I actually add less when making the pesto than many recipes call for, so I simply stir it into the pesto when serving. Since it’s thicker anyway, it doesn’t make it too thin. Oh, baby the basil if you can – you’ll be glad you did come winter if you’ve got pesto. :-)

  16. Hrodgers says

    My pesto came out super thick! I used your measurements. Should I have added more olive oil to thin it out or will it be ok when I use it for recipes? Thanks!

    • Jami says

      The thickness is a personal preference – we often use in on bread and don’t like the oil running off. I also make it a bit thicker for freezing because I top it with oil to aid against freezer burn and that gets stirred in when we defrost it. Just add more oil to get the thickness you desire. :)

  17. Rebecca says

    Want to try a batch of this before my basil is past. Have you tried it with raw sunflower seeds, or only roasted? Thanks! Oh, I am also planning to try your artisan sourdough bread today,
    I have homemade, wholewheat starter that seems to work pretty well. I bet the pesto will be wonderful on that!

    • Jami says

      Yes, I’ve used raw sunflower seeds – they work the same, so your choice! And YES the pesto is so good on the sourdough – have fun with that! :)

  18. Rachel says

    I love adding avocado to my pesto for a more creamy sauce. But like with guac, it will blacken after a day or two in the fridge.

    Ive heard another way to keep pesto, freeze in ice cube trays then pop out and keep in plastic bags. When needed pull out as many as needed to thaw.

    • Jami says

      That’s the first I’ve heard of using avocado that way, Rachel! Since avocado’s good for you, it’s a good idea. :)

  19. Stacy says

    Wow..this looks wonderful and I can’t wait to try it! You have solved a huge problem for me as my guy is allergic to pine nuts and giving up pesto was sad! Oh…and not that you seem to have any trouble with it, but I think the advice to add the lemon juice is to up the acid in the pesto to retard bacterial growth..I am sure it doesn’t last long enough to be a problem!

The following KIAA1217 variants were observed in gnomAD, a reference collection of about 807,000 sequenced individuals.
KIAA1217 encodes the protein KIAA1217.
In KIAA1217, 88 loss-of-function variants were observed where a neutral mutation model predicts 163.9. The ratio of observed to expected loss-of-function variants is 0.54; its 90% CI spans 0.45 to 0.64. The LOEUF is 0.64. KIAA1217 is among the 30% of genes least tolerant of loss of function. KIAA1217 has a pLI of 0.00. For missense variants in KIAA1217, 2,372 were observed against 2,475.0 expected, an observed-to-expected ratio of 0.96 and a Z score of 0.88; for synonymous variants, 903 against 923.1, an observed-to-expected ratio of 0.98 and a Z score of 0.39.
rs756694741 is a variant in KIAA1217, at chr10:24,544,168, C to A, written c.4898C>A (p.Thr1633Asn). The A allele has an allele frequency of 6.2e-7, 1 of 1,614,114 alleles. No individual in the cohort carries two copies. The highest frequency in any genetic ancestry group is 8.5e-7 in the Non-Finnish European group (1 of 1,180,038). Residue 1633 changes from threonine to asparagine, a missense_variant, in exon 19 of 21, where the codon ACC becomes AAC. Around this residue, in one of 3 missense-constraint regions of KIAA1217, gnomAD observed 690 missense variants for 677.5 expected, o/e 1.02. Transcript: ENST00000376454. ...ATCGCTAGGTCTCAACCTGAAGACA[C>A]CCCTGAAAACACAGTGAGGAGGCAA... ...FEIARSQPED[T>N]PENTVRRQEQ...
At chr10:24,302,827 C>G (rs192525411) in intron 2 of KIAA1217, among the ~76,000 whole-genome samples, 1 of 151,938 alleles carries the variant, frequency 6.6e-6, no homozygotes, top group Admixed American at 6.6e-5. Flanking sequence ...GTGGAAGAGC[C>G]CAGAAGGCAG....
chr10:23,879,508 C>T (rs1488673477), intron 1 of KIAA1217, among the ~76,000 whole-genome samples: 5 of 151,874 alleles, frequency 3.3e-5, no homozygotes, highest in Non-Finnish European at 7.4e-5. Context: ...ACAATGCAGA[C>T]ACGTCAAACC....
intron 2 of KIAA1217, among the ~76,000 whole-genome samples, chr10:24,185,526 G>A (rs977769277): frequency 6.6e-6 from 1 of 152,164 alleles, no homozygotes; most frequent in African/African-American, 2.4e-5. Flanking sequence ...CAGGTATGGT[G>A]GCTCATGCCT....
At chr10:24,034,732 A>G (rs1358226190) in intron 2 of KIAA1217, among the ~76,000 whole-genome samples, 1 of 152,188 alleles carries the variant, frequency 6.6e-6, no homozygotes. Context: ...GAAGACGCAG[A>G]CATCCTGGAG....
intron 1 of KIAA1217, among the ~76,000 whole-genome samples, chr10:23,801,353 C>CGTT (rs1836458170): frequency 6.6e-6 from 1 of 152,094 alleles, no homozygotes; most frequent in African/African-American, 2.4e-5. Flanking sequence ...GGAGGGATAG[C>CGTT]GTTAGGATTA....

20. Dawn says

    Hooray for frugal pesto! My whole family loves basil so I grow a lot of it in the garden. We’ve always made “pesto” without any nuts, because I’m too cheap to buy the pine nuts. Made it with sunflower seeds today and we won’t be turning back! Now I’m looking forward to trying your pesto pizza…funny how one recipe keeps leading to another!

  21. Mitch says

    Good tip. I too have been using sunflower seeds in my pesto. I usually lightly roast them first.

    I also play fast and loose with the basil. I often use… brace yourself… carrot tops! As you say in the article, there are a lot of flavours going on in pesto. You have a bit of room to move with ingredients and you will be surprised at what you can get away with.

    • says

      Ha! You totally got me on that one, Mitch – first I’ve heard of using carrot tops. :) I do love that you’re using what you’ve got, though – that’s right up my alley!

  22. Marleen says

    I’ve made such pesto before, with sunflower seeds.
    As I’m also trying out some raw food stuff; and sometimes soaked nuts or seeds are used.. to soften, but also to activate certain content in the seeds (chemistry working!) or even sprout them to enhance even more the natural nutrients.. I wonder (for a batch that day) how that would work with pesto!!
    googled & saw also cashews used; or kale with the basil; or spinach..
    So there is enough to discover as for variations too. Enjoy!!

  23. Ash says

    I need to use sunflower seeds because hubby is allergic to pine nuts. I’m making some today and going to freeze it. Chicken pesto pasta with sun dried tomatoes tonight

  24. Jenni says